Prone Position in Treatment of Hypoxemia in Patients Who Underwent Type A Aortic Dissection Surgery

Authors

  • Junjun Gu, BN Department of Cardiovascular Surgery, Changhai Hospital, Second Military Medical University, Shanghai, China
  • Yulan Feng, BN Department of Cardiovascular Surgery, Changhai Hospital, Second Military Medical University, Shanghai, China
  • Si Chen, BN Department of Cardiovascular Surgery, Changhai Hospital, Second Military Medical University, Shanghai, China
  • Yingdan Cao, BN Department of Cardiovascular Surgery, Changhai Hospital, Second Military Medical University, Shanghai, China
  • Kexin Li, BN Department of Cardiovascular Surgery, Changhai Hospital, Second Military Medical University, Shanghai, China
  • Yanze Du, BN Department of Cardiovascular Surgery, Changhai Hospital, Second Military Medical University, Shanghai, China
  • Ning Li Department of Cardiovascular Surgery, Changhai Hospital, Second Military Medical University, Shanghai, China
  • Haiyan Li, BN Department of Vascular Surgery, Changhai Hospital, Second Military Medical University, Shanghai, China

DOI:

https://doi.org/10.1532/hsf.4535

Keywords:

prone position, type A aortic dissection, hypoxemia

Abstract

Background: Postoperative hypoxemia is a high-risk complication after acute type A aortic dissection (TAAD) surgery. Prone position (PP) is an effective treatment for acute respiratory failure, which may improve the gas exchange of the injured lung and the patient’s survival. PP is reported to improve the respiratory condition after cardiac surgery. However, limited data exist on the effect of PP in patients who underwent acute TAAD surgery.

Methods: We retrospectively analyzed the clinical outcomes of seven patients with severe hypoxemia who underwent PP after acute TAAD surgery. The results of arterial blood gas, chest X-ray, and survival were collected.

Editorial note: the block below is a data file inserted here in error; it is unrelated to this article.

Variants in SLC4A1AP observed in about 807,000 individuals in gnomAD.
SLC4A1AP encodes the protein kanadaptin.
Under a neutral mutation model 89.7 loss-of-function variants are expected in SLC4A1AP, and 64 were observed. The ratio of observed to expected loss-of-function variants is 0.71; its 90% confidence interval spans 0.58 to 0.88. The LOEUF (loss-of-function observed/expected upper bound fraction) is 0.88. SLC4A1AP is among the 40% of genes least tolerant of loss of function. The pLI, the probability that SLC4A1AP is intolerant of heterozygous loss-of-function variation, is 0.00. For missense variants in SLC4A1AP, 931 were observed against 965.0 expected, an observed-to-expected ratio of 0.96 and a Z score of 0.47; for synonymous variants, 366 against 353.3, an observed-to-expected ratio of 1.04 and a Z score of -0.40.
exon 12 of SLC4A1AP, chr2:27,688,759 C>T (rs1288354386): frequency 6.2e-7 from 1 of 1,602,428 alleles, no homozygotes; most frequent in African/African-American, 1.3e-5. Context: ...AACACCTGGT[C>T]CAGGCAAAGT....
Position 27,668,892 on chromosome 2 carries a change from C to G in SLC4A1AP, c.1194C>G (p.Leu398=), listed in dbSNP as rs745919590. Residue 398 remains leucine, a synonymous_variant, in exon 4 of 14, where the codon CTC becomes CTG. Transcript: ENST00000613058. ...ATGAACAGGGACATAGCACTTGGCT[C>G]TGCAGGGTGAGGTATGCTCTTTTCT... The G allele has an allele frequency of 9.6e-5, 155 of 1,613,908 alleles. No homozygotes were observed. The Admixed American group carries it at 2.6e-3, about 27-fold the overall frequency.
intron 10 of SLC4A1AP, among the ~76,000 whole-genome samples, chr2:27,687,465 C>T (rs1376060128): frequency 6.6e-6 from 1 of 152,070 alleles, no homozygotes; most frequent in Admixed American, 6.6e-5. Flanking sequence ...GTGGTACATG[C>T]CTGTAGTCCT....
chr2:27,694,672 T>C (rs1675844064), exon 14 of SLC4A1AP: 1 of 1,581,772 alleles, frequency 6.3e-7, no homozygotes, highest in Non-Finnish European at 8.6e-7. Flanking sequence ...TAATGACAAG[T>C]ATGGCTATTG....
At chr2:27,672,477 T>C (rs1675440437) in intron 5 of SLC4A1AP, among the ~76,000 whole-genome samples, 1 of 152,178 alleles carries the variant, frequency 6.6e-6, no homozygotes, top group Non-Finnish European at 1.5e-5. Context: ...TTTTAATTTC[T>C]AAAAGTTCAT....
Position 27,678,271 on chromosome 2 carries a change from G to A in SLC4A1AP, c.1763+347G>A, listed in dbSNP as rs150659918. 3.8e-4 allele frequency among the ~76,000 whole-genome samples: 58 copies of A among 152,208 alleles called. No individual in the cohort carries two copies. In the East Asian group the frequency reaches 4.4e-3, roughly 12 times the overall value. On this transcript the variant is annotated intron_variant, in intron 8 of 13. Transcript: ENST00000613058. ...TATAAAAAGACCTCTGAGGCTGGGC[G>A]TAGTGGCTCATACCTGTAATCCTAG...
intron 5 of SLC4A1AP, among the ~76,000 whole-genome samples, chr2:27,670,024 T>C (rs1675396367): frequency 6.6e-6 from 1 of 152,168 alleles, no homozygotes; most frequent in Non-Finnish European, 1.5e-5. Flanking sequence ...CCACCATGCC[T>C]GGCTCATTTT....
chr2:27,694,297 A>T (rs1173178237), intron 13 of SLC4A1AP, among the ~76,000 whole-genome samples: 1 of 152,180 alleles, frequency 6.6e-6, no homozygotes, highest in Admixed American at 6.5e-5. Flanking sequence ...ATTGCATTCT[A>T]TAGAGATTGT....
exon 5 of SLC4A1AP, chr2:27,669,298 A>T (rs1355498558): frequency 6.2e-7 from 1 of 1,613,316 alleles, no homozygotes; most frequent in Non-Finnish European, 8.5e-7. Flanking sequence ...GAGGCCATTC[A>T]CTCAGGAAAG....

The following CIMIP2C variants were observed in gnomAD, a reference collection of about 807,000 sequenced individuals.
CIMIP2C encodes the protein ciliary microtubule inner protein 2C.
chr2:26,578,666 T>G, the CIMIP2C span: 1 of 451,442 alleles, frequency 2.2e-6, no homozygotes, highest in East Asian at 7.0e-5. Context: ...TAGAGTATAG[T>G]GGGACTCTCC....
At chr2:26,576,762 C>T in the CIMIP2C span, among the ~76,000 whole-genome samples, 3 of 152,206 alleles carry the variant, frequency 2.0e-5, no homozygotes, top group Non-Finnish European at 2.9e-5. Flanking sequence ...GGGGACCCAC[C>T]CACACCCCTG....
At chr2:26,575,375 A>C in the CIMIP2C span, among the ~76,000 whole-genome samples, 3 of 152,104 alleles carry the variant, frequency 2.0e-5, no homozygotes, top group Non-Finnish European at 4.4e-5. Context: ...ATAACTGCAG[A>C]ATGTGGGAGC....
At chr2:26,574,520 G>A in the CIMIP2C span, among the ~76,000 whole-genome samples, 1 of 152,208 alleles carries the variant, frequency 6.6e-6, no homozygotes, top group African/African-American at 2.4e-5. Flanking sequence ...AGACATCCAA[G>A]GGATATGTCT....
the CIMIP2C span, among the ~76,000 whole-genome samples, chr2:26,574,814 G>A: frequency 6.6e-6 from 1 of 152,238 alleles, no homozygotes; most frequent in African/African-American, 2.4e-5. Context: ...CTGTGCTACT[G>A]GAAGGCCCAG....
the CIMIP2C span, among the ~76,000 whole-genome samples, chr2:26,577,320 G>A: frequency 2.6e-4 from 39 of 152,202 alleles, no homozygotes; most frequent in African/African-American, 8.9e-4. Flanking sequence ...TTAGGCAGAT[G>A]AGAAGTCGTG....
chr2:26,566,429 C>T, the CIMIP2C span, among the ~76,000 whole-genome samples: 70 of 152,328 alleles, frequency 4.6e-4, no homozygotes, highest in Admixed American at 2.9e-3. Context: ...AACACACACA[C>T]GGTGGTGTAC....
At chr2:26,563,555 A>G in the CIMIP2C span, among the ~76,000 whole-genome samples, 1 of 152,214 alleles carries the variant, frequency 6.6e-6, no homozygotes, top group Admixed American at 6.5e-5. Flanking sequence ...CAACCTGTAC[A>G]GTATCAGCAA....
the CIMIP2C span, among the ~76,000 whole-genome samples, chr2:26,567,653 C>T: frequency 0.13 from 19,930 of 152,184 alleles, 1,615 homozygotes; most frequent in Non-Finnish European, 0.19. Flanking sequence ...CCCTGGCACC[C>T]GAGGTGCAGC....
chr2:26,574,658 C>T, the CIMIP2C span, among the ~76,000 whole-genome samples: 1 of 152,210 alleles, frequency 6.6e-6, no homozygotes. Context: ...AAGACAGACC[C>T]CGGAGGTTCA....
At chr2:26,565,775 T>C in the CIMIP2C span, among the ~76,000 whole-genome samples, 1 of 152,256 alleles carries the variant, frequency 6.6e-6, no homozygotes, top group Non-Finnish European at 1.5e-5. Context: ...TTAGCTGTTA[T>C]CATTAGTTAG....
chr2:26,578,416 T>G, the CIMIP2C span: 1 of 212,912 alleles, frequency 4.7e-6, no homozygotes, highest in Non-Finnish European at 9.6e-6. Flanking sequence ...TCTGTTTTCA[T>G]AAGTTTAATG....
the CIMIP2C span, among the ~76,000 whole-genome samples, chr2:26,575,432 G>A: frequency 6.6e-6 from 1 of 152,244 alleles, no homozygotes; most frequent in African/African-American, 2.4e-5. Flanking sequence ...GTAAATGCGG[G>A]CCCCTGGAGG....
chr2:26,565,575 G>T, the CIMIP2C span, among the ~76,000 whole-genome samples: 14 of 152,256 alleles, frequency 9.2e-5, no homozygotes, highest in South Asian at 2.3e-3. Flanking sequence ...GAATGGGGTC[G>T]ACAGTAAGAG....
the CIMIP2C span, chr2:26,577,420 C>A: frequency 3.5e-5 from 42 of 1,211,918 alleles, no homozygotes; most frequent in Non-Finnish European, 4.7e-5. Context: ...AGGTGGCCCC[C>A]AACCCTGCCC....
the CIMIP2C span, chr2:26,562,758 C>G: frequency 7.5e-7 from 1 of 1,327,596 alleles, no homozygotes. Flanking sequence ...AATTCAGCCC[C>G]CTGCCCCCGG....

Results: Seven patients (3 female, mean age 48.3±11.7 years) were recruited in this study. All patients received total arch replacement and frozen elephant trunk implantation procedure. The PaO2 at day 1 after PP was higher than before PP (126.3±49.3 vs. 77.8±15.5 mmHg). The oxygenation index rose sharply from 83.0 (80.0, 87.0) to 188.3±56.5 at day 3 after PP. There was no significant difference in heart rate between before and after PP procedure. Chest X-ray showed the diffuse shadow was significantly improved after PP. All patients responded well to PP, and all patients were discharged except for one patient, who died perioperatively due to multiple organ failure.

Conclusions: PP is a safe and feasible option for severe hypoxemia patients after TAAD surgery.

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Published

2022-04-22

How to Cite

gu, junjunn, feng, yulan, chen, si, cao, yingdan, li, kexin, du, yanze, li, ning, & li, haiyan. (2022). Prone Position in Treatment of Hypoxemia in Patients Who Underwent Type A Aortic Dissection Surgery. The Heart Surgery Forum, 25(2), E300-E304. https://doi.org/10.1532/hsf.4535

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Articles